At a recent hearing on summer fuel prices, some U.S. Senators broached the question of easing tariffs on ethanol imports to help fill the potential gaps in domestic supplies. Imported ethanol currently is subject to two duties in the U.S. -- a 2.3 percent ad valorem tax and a secondary tariff of 54 cents per gallon. However, such legislative proposals are believed to face problems moving forward this election year due to the shorter calendar.
Agriculture and ethanol industry leaders maintain their will be enough of the renewable fuel. With 97 plants in operation and more than 100 million gallons of ethanol expected to be imported, they contend, there will be no shortage.
Anne Steckel, American Farm Bureau Federation: "We are increasing ethanol production facilities immensely. 33 new refineries are coming into play with nine in expansion. The future is very bright for ethanol, and our firms are doing all the right things."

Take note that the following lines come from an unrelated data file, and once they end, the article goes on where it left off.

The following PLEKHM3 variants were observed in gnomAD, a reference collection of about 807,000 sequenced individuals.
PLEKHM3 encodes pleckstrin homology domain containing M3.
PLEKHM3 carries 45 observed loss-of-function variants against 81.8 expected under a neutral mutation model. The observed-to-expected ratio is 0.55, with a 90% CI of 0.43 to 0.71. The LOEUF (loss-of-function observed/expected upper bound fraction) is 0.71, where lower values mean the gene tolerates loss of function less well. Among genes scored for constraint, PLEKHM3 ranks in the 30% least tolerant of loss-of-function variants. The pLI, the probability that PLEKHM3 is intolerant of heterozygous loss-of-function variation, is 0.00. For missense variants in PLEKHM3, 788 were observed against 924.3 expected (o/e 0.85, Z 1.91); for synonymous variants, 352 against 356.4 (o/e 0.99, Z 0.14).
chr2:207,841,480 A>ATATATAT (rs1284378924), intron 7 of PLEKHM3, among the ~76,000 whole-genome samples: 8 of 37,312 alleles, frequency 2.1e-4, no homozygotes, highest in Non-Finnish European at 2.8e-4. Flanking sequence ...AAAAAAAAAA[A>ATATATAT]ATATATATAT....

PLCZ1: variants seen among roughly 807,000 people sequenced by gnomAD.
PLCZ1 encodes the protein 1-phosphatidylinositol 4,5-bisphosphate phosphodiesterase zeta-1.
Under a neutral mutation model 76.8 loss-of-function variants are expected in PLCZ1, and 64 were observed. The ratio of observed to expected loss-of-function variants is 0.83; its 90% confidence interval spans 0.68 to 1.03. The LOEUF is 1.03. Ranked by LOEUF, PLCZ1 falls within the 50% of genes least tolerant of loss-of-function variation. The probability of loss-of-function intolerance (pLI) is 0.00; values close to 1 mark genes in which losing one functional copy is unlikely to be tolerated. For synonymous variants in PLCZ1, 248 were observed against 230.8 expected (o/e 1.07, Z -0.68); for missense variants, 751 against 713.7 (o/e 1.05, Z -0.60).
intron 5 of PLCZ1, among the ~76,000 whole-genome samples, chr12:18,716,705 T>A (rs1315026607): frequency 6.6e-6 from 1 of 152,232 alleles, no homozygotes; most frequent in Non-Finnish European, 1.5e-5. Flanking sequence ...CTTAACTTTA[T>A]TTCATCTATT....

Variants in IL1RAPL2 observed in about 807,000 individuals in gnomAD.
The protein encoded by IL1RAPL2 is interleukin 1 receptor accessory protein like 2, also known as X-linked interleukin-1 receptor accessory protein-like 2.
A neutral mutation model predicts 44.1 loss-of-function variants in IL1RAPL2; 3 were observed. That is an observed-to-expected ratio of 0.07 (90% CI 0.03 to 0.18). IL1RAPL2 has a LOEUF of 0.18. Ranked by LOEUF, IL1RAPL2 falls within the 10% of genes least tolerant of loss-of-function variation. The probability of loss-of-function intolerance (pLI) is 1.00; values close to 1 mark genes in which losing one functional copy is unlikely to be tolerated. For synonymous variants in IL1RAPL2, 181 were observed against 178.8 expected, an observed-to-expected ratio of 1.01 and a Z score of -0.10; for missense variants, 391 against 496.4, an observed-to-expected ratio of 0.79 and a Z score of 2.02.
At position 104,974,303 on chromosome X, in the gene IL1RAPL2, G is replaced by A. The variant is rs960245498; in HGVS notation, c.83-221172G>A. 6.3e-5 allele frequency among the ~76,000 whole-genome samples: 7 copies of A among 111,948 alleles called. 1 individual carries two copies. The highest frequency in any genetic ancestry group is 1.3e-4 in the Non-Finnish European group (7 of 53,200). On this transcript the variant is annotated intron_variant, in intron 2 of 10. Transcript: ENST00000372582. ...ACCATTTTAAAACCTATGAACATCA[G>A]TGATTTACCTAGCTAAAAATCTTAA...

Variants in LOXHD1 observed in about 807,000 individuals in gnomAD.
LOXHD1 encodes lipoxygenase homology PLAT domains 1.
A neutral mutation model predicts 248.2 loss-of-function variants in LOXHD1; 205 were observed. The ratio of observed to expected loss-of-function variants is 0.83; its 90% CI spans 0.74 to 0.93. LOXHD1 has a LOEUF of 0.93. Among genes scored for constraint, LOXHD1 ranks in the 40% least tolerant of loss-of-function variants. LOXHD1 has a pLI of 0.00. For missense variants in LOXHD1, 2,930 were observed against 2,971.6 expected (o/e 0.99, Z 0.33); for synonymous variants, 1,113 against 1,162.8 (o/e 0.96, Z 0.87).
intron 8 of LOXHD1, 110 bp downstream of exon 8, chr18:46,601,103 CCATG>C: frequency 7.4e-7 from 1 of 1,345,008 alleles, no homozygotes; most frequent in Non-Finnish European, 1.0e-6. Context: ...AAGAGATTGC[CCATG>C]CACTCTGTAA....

Worries about Iran continue to lift oil prices. Traders are anxious that U.S. efforts to stop that country's suspected nuclear weapons program could lead to a disruption in Persian Gulf oil supplies. China also is a factor in the rising prices. As the world's fastest expanding economy continues to grow, Beijing's hunger for oil is affecting its position on Iran, and was high on the agenda for President Hu Jintao's visit to the White House this week.
President Bush has warned China against trying to "lock up" global supplies. In the interest of keeping their investment healthy with Iran, the Chinese have refused to support sanctions against the Middle Eastern country for defying the Security Council over its enrichment of uranium. In 2004, China used some 6.5 million barrels of oil a day and surpassed Japan as the world's second largest user of petroleum products. The U.S. is the largest user, consuming about 20 million barrels a day.